Deng Xiaoping

The Organizational Line Guarantees the Implementation of the Ideological and Political Lines


Published: July 29, 1979
Translated by: Unknown
Source: Deng Xiaoping Works
Transcription for MIA: Joonas Laine


Taking the country as a whole and considering the major issues, we can say that the debate over the thesis that practice — as opposed to the “two whatevers” — is the sole criterion for testing truth has pretty definitely settled the question of what our ideological line should be. It has restored and developed the ideological line advocated by Comrade Mao Zedong, that is, to seek truth from facts, to integrate theory with practice and to proceed from reality in everything. This is very important. The article on the criterion of truth in the daily Guangming Ribao had immediate and strong repercussions. When some people said that its author was “chopping down the banner” [of Mao Zedong Thought], my interest and attention were further aroused. Lin Biao was the first to cause confusion about our Party’s ideological line. The Quotations from Chairman Mao Zedong which he launched vulgarized and fragmented Mao Zedong Thought instead of helping people to study and apply it correctly and as an integral whole in considering problems, raising them for discussion and solving them. I disapprove of the “two whatevers” because they don’t represent Marxism-Leninism or Mao Zedong Thought. That is why I proposed that Mao Zedong Thought should be studied correctly and as an integral whole and later elaborated on how this should be done. At the outset, quite a few people opposed the view that practice is the only criterion for testing truth, but now it is gradually being accepted by most of the cadres and masses throughout the country. The debate is still going on, and it is highly significant that the Navy is beginning to pay more attention to the question. The discussion on the criterion of truth is a fundamental one, for it is impossible to establish a correct political line — let alone carry it out — unless we clarify our ideological line and emancipate people’s minds. Our political line is to achieve the socialist modernization of our country. The Gang of Four came up with the idea, rather an impoverished socialism than a rich capitalism. But socialism cannot endure if it remains poor. If we want to uphold Marxism and socialism in the international class struggle, we have to demonstrate that the Marxist system of thought is superior to all others, and that the socialist system is superior to the capitalist. Without emancipating our minds, seeking truth from facts, proceeding from reality and integrating theory with practice, it would have been impossible for us to work out our present set of general and specific policies and thus arouse the people’s enthusiasm; and we could not possibly succeed in modernizing and in demonstrating the superiority of our socialist system. Yesterday some comrades from Shandong Province said that in one of their counties which used to be very backward, the people have overcome their long-standing difficulties and made notable progress by emancipating their minds and developing production in accordance with local conditions. Our ideological line is important because it serves as the basis for working out our political line. Whether a correct political line can be implemented depends primarily on whether we have a correct ideological line. Therefore, we should not belittle the importance of the discussion about practice being the sole criterion for testing truth. This discussion is of tremendous significance, for the essential question it involves is whether or not we shall adhere to Marxism-Leninism and Mao Zedong Thought.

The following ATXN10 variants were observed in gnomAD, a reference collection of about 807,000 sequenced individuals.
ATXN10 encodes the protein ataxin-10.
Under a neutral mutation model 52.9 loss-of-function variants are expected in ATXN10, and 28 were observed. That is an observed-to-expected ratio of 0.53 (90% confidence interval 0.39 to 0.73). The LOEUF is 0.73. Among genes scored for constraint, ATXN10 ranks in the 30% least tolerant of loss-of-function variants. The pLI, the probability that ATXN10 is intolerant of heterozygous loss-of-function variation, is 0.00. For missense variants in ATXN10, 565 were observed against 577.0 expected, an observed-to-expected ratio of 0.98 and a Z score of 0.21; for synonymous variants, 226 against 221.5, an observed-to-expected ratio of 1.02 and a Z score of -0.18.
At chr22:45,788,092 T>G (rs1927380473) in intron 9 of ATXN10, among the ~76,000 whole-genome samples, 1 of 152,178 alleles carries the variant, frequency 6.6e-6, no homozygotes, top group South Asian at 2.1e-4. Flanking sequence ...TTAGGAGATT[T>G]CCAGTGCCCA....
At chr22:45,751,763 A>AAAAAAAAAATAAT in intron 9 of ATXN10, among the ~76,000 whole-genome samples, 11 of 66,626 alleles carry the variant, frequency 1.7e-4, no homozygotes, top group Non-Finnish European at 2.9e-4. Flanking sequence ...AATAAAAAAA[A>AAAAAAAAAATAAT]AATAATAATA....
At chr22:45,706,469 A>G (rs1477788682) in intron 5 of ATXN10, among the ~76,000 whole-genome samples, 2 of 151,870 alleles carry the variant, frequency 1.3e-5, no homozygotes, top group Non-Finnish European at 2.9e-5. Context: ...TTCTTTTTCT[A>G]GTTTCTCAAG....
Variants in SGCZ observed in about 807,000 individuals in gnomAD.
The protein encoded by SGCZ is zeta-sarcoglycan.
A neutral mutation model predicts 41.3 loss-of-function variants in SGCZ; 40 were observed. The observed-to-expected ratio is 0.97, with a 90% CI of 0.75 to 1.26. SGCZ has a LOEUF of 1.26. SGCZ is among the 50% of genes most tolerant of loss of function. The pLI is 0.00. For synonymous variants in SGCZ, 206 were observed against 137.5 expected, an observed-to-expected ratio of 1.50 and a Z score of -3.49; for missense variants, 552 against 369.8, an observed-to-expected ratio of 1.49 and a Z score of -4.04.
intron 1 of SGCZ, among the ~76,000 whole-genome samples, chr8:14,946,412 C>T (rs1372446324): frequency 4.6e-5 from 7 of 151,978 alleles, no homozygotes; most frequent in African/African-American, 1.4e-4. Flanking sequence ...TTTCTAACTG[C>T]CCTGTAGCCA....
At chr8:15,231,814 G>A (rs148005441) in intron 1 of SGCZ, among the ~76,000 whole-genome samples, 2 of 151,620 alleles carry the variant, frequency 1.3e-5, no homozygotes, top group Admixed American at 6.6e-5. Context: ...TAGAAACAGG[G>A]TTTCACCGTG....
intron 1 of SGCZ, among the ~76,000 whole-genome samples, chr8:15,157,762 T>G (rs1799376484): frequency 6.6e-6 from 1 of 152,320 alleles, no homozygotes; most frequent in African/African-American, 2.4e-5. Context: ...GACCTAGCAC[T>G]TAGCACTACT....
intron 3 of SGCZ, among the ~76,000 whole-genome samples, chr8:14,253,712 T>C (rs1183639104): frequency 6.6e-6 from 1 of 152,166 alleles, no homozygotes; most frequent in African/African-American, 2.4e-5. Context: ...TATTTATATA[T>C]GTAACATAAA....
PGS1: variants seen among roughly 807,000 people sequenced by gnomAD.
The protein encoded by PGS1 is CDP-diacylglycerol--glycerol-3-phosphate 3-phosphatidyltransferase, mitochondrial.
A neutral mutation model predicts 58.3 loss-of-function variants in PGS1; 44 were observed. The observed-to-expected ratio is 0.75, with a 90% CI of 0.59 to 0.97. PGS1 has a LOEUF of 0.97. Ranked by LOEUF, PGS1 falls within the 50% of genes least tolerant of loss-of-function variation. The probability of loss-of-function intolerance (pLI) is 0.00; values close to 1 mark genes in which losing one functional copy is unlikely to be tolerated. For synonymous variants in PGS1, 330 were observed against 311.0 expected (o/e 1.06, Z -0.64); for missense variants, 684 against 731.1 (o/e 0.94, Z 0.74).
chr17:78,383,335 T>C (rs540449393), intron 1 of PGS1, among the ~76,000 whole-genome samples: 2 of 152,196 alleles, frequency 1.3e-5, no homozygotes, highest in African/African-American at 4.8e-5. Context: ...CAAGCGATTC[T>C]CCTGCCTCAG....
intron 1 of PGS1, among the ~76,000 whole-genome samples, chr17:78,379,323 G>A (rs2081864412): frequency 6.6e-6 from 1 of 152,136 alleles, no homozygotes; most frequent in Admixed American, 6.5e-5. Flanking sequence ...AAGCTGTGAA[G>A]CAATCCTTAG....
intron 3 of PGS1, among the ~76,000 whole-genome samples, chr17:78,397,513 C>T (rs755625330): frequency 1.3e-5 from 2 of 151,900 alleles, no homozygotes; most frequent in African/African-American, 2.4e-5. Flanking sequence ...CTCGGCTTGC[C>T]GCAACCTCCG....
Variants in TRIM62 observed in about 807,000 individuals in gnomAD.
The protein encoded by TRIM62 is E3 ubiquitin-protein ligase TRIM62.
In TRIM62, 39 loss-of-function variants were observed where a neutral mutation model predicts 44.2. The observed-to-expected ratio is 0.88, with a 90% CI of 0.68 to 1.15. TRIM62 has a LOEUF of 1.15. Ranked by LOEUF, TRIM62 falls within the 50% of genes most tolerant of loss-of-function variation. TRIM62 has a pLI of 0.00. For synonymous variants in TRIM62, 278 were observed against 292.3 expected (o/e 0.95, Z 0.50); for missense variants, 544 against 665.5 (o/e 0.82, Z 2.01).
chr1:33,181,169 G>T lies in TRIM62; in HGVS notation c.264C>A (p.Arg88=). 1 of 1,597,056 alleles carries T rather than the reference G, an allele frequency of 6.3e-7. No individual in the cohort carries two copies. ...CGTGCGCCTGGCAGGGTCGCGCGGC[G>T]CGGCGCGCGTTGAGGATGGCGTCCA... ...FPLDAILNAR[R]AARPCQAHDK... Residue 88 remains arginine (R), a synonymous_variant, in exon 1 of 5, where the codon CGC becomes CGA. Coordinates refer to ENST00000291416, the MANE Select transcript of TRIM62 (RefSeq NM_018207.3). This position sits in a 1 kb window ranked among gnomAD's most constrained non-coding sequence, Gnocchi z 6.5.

Despite the fact that some people still have reservations, the Party’s ideological line and political line have been established. What question remains to be settled, then? The extremely important question of organizational line. Once a political line has been set, it has to be concretely implemented by people, and the results will vary depending on who does the implementing, those who are in favour, those who are against, or the middle-of-the-roaders. This raises the question of what kind of people should be our successors.